National School Lunch Week (NSLW) is a week long national celebration running from October 14th to the 17th. This year, the NSLW is focused on emphasizing the relationship between healthy foods and an active lifestyle.
Initially created in 1962 by President John F Kennedy, the holiday serves as a way to promote the benefits of school lunch. Unfortunately, today’s school lunch programs are a contentious subject. On one hand, strict regulations are emerging from the nation’s capital, aiming to curb obesity rates by setting a high bar for what constitutes a healthy school meal in public schools. On the other hand, school lunch directors are struggling to fight food waste that they claim is being generated by the implementation of these guidelines. School lunch is as controversial as ever.
If you want to see changes in the foods served at your child’s school, please reach out to WT Café today and let us help you transform school food service for your child. We believe that food made from scratch and served in age-appropriate portions is the best approach to school lunch. It shouldn’t have to be this complicated…let’s get back to basics and cook from scratch for our kids.
This month are featuring an abundant super food that is well known by anyone who’s ever eaten a slice of pizza. No…it’s not anchovies! We’re talking about the humble yet versatile tomato! But the tomato, as we know, is as controversial as it is delicious. After all, it lies at the heart of an ongoing debate that has confounded critics for centuries:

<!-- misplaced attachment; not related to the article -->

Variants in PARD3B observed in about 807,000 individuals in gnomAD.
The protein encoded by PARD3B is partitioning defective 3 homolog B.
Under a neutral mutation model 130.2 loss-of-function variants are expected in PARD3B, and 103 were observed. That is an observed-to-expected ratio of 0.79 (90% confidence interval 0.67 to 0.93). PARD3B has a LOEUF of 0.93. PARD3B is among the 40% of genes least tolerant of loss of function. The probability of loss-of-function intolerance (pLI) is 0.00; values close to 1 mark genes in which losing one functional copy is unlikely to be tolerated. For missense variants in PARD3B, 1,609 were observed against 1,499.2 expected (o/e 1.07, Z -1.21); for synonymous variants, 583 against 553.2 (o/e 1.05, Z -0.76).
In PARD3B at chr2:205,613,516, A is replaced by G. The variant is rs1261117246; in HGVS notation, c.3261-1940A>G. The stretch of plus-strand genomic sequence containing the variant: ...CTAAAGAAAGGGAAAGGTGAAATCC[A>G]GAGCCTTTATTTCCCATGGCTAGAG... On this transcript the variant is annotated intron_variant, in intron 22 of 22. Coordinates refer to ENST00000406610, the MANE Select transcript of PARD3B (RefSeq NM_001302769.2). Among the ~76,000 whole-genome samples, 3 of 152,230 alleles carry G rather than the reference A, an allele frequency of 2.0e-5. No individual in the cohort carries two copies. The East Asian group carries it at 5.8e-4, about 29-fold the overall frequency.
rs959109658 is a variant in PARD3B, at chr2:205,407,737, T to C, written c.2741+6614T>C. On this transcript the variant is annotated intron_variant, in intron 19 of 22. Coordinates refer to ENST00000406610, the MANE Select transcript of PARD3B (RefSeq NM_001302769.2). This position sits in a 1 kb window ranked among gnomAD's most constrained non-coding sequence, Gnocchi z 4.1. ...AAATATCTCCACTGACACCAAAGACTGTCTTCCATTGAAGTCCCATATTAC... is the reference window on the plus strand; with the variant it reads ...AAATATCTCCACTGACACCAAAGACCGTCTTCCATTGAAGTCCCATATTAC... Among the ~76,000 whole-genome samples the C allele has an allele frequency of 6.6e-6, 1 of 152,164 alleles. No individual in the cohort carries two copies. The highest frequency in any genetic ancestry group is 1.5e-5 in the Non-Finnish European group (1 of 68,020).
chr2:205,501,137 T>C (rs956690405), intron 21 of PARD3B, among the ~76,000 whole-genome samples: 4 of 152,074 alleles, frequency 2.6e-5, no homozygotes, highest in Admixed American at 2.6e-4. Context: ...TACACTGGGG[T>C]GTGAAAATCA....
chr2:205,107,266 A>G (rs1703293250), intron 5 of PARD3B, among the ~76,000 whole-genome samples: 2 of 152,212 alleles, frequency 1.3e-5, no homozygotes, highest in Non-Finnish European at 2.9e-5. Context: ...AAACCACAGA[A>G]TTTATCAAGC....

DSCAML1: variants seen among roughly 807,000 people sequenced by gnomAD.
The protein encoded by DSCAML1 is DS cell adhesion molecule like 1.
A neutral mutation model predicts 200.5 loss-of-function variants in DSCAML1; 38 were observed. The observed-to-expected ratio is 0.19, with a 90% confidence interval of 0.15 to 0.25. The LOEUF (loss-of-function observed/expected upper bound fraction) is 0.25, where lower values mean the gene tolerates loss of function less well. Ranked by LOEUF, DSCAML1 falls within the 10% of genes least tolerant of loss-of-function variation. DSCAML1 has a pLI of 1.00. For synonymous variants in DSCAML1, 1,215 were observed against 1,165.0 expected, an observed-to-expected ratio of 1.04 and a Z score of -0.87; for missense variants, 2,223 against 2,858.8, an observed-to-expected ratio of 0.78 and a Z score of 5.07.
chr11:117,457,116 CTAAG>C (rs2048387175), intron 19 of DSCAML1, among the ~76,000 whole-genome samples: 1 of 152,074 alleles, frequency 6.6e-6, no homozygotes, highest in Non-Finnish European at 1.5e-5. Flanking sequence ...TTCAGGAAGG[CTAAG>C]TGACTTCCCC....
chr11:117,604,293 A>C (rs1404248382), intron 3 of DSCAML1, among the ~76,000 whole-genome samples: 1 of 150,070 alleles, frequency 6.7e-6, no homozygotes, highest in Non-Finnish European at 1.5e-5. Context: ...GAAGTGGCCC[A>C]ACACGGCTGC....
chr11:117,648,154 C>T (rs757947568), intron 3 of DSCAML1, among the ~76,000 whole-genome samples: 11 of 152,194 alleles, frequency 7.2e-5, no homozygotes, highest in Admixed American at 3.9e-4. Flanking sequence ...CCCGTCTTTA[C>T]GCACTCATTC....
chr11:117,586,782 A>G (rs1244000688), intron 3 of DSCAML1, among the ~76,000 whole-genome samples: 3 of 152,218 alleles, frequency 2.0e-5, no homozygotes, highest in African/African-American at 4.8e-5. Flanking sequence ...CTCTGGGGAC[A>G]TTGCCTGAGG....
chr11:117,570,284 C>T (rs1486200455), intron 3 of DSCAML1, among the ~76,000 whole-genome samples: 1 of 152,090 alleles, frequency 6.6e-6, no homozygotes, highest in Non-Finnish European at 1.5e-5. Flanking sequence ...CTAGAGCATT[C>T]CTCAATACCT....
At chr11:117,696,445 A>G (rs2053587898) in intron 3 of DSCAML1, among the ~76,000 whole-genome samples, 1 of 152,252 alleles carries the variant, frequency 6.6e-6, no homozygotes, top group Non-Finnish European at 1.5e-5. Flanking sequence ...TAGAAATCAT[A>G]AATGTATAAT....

Is the tomato a fruit or a vegetable?
Botanically, some argue, a tomato is considered a fruit. But, as others point out, it is commonly prepared as a vegetable. This puzzling question was even brought to trial in 1893 when the Supreme Court of the United States ruled it to be a vegetable. This debate may very well go on forever, but the one thing we can all agree on is that the tomato is a delicious addition to salads, sauces, and snacks alike.
Sadly, September is the time of year when tomatoes are slowly going out of season in the northernmost states, while still growing big and juicy in the rest of the country. So get them before they’re all gone! They’re chock full of antioxidants (lycopene) that help build up a strong immune system. And did you know that eating fresh tomatoes can help lower bad cholesterol making it good for your overall heart health? But perhaps the most important nutritional benefit of a tomato is its exceptionally high vitamin C content! Kind of like, what are those things called? Oh yeah, fruits!
Tomatoes come in all shapes, sizes, and colors including deep orange, purple, and maroon. When selecting them, don’t neglect the “uglys.” Instead, base your selection on the sweet aroma that a ripe tomato will release and it’s important to make sure they have a rich color. Store them at room temperature as they are sensitive to cold and pair them with, well, just about anything!